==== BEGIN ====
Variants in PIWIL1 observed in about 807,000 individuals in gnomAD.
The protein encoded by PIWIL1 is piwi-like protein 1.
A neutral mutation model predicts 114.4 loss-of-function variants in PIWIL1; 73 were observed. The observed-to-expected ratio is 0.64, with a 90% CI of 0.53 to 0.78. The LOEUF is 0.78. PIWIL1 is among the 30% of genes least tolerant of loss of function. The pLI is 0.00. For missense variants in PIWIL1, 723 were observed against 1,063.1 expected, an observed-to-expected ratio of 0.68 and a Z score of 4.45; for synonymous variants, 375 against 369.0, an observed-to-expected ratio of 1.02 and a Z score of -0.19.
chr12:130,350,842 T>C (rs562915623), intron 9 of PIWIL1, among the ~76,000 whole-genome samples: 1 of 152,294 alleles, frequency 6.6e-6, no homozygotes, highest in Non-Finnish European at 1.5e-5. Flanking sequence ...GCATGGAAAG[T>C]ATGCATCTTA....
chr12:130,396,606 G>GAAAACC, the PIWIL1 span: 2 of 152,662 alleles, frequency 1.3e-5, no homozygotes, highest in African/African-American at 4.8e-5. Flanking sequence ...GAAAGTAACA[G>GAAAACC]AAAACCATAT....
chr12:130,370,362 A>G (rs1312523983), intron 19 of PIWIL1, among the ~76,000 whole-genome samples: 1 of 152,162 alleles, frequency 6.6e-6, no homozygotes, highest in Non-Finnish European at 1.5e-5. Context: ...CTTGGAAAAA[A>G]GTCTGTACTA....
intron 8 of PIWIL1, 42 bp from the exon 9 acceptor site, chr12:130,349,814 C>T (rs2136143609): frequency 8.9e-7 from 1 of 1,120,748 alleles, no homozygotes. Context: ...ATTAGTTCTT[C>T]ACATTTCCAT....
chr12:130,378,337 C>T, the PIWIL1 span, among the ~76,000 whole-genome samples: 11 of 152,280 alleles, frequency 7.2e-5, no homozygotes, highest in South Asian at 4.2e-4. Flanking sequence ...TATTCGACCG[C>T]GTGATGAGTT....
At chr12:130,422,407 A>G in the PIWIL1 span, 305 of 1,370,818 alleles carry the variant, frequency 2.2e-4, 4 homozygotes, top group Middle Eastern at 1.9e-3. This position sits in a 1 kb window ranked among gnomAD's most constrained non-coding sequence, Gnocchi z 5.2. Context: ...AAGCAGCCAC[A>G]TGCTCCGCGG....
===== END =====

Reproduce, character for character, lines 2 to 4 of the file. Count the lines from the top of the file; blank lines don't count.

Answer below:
The protein encoded by PIWIL1 is piwi-like protein 1.
A neutral mutation model predicts 114.4 loss-of-function variants in PIWIL1; 73 were observed. The observed-to-expected ratio is 0.64, with a 90% CI of 0.53 to 0.78. The LOEUF is 0.78. PIWIL1 is among the 30% of genes least tolerant of loss of function. The pLI is 0.00. For missense variants in PIWIL1, 723 were observed against 1,063.1 expected, an observed-to-expected ratio of 0.68 and a Z score of 4.45; for synonymous variants, 375 against 369.0, an observed-to-expected ratio of 1.02 and a Z score of -0.19.
chr12:130,350,842 T>C (rs562915623), intron 9 of PIWIL1, among the ~76,000 whole-genome samples: 1 of 152,294 alleles, frequency 6.6e-6, no homozygotes, highest in Non-Finnish European at 1.5e-5. Flanking sequence ...GCATGGAAAG[T>C]ATGCATCTTA....